Set yourself a challenge. Whether it's sporting, musical, artistic, crafts, find something that will take you out of yourself and go for it. Don't let this be your only focus. You are very young and should make the most of it - spoken as a young person with a few years more experience than you.

    I hope you start to feel more hopeful soon.

  • Hey Emma Louise and welcome, You are young but there are others who are equally as young being diagnosed so you have come to the right place and the buddy system may be a good idea. There was a guy at our recent forum who was 19 when diagnosed and is still only 23 now. I have PV and am older but again was told I was young at 35 to have PV. I don't think our disorders are ageist and it is a sad fact I believe that due to the environment we leave in, the world of fast food and fast living and toxic overload that more and more people like you are being diagnosed earlier.

    Happy to chat any time sorry this is a little rushed but off to visit a friend and do her a makeover :)

    All the best, and take care.

    Louise xx

    I agree that anyone taking aspirin long term should only ever take the enteric coated

  • Hi Emma,

    I'm 46 and was diagnosed about 4 years ago. My Doc said that problems really start when your platelet count hits 1000. Mine never got that high, but I convinced him to let me stay clean (no meds), did my own research into the symptoms and signs, and asked him what they were also. I asked, for example, regarding the risk of stroke, about the relationship between an enlarged spleen and stroke and he said that most stroke victims who have ET have enlarged spleens. So I asked him to check mine = not enlarged.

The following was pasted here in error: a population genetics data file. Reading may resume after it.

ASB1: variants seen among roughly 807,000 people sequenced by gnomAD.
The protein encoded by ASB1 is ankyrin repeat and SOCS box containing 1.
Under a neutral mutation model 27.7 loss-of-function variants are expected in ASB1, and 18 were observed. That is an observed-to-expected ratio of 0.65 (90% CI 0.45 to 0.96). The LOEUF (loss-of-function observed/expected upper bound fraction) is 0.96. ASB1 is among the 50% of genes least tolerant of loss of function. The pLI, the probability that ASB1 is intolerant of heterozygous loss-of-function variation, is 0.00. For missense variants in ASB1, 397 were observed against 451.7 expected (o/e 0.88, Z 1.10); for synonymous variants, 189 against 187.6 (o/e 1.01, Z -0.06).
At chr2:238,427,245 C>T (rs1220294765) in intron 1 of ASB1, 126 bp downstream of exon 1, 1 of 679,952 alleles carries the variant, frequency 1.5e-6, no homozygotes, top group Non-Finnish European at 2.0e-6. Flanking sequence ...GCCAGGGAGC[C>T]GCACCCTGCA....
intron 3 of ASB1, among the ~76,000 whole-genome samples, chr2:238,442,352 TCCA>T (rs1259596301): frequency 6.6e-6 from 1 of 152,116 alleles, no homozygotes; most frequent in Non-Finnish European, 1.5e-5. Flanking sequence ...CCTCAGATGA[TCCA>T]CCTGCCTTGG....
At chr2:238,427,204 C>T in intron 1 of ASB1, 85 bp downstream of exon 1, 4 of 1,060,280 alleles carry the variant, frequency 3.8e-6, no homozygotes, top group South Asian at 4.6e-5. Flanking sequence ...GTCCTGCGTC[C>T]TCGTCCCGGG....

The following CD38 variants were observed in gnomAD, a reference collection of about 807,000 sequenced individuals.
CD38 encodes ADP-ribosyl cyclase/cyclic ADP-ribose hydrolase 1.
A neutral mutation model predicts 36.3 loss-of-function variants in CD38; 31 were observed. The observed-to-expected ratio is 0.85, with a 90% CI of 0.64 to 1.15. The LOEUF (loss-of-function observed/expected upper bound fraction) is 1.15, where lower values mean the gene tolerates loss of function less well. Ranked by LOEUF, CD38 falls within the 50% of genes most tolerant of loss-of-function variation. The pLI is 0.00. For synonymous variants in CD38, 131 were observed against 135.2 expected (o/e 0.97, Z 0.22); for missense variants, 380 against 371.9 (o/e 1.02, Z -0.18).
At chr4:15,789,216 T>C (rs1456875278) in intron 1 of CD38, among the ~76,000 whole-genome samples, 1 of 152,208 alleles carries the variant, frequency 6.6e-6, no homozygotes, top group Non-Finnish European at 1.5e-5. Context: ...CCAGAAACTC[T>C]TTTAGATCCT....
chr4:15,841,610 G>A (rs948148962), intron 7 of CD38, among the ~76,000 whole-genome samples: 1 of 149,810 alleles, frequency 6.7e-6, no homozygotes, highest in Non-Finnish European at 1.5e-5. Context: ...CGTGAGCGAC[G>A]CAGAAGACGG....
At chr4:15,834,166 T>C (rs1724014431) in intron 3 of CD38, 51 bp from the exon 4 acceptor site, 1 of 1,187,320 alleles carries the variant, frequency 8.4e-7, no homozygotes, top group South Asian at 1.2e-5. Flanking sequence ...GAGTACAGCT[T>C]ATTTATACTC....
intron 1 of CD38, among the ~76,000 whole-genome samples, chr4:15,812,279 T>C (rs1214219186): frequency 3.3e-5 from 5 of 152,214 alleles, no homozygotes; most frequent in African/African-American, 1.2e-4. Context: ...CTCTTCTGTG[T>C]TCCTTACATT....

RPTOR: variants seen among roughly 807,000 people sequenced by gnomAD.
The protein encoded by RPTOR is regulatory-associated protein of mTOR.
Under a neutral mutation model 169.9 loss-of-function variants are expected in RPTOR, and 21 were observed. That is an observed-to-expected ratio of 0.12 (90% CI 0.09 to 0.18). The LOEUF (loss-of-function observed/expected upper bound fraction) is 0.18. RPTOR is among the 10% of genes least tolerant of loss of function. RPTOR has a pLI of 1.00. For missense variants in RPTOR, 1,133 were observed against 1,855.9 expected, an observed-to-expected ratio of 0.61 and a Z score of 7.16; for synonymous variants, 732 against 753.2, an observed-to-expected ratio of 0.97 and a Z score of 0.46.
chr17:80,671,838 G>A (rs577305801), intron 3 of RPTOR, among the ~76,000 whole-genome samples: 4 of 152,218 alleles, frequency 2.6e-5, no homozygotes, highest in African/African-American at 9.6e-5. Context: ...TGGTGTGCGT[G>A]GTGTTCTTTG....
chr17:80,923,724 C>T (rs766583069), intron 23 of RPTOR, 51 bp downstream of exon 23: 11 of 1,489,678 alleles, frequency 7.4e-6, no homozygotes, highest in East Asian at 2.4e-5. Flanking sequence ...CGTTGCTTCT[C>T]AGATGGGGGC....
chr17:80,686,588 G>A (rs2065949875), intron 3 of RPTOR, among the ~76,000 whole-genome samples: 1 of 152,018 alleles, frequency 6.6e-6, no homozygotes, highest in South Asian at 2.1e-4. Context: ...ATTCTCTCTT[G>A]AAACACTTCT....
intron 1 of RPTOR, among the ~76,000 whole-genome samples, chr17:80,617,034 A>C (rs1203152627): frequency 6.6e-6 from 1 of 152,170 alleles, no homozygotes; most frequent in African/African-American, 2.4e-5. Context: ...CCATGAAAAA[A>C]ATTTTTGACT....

A month or two ago, the symptom that I noticed most easily was a very dull tingling in my finger tips (symptom of too many platelets). I also started worrying and felt tired. I decided I would start using the meds, and so he put me on Hydroxyurea ("Hu"). My experience with it is that it makes me use a lot of water. This is partly a good thing because I used to get headaches from drinking too much water and that doesn't happen any more. If I don't eat some salty stuff before going to bed, I have to get up a few times to pee. Hu also doesn't feel very good in my stomach, so I eat food around it. Hunger is an ugly feeling now (it used to just be "dull hunger", now it's "Hu is giving me an ulcer hunger").

    I think about stuff a lot (maybe you can tell), and figured out that I will just have to move around more - more exercise, longer walks (I was already walking 30 minutes every morning), etc - to use the extra food I eat to mask the feeling Hu makes in my stomach.

    I also looked up foods that tend to suppress platelet production. Ginger, garlic, extra virgin olive oil, strawberries, etc. The standard advice is "Watch out what you eat because it might interfere with your meds." I think that's backwards, so the advice I follow is: "Watch out what meds you take, because if the food you're eating already fixes something, the med might over-fix it." The fact is, that food rarely over-fixes anything, but meds do it all the time.

    I've also had to bug Kaiser (health company) to release all my platelet-count results. The medical industry seems to suppress our natural instinct to learn how to internally measure stuff (eg how tingly-fingertips, fatigue, and (I think) the feeling of thick-bloodedness indicate a high platelet count), but that discouragement is to our detriment. So I'm constantly trying to tell.